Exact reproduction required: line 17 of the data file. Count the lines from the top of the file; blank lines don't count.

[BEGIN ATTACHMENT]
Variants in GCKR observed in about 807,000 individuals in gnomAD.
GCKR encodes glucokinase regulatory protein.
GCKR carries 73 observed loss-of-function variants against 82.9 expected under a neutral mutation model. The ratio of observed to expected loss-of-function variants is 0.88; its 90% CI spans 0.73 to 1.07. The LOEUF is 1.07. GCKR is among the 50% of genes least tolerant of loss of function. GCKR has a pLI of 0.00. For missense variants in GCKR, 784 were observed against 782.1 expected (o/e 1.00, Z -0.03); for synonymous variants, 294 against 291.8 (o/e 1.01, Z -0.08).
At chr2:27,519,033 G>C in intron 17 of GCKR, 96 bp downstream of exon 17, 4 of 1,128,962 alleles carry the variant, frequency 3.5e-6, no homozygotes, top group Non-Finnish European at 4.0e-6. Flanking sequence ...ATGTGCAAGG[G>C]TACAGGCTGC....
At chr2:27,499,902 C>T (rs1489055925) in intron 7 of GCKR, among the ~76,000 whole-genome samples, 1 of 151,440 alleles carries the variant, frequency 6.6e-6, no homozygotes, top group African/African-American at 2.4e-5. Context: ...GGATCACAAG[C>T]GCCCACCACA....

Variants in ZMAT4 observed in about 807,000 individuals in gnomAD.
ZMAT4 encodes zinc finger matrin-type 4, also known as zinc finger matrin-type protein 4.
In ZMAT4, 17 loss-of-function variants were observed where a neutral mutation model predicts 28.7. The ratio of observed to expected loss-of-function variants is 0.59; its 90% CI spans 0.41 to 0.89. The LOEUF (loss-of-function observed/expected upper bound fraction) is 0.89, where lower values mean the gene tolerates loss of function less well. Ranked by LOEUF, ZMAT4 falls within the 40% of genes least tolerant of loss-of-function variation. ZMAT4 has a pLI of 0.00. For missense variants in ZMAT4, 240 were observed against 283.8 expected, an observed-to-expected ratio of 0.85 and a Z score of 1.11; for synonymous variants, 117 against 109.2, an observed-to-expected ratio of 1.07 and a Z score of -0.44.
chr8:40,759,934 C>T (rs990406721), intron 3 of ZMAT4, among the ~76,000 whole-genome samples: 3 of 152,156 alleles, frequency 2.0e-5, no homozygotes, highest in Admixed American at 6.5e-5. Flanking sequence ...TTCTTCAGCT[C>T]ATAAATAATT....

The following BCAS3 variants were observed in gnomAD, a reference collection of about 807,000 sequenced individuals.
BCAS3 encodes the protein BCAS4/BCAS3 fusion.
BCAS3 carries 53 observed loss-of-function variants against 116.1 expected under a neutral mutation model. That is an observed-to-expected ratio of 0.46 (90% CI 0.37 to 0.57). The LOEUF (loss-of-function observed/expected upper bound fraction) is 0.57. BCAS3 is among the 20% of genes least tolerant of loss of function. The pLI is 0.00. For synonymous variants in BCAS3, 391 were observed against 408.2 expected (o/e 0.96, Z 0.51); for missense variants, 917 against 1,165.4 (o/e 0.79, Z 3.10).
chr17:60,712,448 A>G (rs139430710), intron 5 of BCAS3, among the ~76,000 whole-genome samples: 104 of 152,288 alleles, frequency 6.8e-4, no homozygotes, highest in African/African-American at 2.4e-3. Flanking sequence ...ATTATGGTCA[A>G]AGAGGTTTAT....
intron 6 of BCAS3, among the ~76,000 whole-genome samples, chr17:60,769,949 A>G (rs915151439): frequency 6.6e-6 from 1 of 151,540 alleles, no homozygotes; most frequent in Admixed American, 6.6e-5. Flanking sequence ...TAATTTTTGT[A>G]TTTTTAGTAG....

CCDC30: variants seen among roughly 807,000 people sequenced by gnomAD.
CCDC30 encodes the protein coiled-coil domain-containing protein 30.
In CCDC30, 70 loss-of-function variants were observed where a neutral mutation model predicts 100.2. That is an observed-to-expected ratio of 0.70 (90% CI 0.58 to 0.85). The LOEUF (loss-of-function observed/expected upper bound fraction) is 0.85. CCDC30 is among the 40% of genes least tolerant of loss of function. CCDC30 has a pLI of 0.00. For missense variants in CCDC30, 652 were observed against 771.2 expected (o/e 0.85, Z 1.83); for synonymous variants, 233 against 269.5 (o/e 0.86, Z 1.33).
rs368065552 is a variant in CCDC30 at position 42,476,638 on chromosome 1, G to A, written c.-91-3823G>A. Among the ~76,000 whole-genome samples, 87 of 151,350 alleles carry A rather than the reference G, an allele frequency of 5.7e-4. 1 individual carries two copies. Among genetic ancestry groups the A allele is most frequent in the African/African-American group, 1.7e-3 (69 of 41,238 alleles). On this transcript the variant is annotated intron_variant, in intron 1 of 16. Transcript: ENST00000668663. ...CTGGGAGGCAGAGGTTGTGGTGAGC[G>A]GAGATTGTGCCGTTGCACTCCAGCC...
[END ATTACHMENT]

In CCDC30, 70 loss-of-function variants were observed where a neutral mutation model predicts 100.2. That is an observed-to-expected ratio of 0.70 (90% CI 0.58 to 0.85). The LOEUF (loss-of-function observed/expected upper bound fraction) is 0.85. CCDC30 is among the 40% of genes least tolerant of loss of function. CCDC30 has a pLI of 0.00. For missense variants in CCDC30, 652 were observed against 771.2 expected (o/e 0.85, Z 1.83); for synonymous variants, 233 against 269.5 (o/e 0.86, Z 1.33).